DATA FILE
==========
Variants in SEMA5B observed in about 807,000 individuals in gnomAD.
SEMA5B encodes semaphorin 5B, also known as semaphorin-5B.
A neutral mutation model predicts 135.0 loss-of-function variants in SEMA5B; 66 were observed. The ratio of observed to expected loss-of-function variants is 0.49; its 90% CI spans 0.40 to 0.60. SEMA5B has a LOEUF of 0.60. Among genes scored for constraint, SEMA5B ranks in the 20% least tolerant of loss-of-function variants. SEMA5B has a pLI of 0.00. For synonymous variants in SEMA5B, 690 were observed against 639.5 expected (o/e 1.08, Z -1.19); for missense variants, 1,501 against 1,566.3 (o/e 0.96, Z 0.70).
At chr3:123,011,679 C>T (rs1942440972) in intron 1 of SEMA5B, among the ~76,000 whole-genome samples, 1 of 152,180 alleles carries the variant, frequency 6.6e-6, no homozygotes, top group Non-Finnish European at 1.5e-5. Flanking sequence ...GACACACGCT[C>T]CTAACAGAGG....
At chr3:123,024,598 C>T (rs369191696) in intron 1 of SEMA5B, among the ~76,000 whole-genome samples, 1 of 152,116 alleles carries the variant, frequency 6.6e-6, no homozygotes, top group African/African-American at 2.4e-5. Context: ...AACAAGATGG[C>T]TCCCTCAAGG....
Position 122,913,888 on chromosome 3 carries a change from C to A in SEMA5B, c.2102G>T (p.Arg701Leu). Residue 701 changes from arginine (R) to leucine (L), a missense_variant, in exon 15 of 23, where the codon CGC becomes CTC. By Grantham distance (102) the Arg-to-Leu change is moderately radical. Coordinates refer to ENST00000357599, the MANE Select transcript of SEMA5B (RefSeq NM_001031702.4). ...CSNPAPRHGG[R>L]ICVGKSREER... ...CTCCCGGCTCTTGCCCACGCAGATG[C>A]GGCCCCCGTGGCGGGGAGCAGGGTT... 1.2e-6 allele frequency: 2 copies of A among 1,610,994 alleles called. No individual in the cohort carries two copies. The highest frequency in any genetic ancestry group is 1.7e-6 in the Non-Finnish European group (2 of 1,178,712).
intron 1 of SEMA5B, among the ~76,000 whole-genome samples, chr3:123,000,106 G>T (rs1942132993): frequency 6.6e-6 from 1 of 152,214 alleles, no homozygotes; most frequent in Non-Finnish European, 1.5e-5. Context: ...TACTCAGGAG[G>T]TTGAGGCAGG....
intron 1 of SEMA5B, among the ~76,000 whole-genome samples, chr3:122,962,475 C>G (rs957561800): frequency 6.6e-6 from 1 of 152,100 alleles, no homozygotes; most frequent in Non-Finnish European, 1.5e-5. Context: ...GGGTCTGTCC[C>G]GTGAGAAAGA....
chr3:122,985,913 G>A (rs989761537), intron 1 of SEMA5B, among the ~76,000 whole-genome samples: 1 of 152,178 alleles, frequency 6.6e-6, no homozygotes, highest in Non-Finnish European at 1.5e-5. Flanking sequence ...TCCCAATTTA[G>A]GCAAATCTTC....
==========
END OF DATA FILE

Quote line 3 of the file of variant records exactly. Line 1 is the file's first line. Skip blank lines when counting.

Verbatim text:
A neutral mutation model predicts 135.0 loss-of-function variants in SEMA5B; 66 were observed. The ratio of observed to expected loss-of-function variants is 0.49; its 90% CI spans 0.40 to 0.60. SEMA5B has a LOEUF of 0.60. Among genes scored for constraint, SEMA5B ranks in the 20% least tolerant of loss-of-function variants. SEMA5B has a pLI of 0.00. For synonymous variants in SEMA5B, 690 were observed against 639.5 expected (o/e 1.08, Z -1.19); for missense variants, 1,501 against 1,566.3 (o/e 0.96, Z 0.70).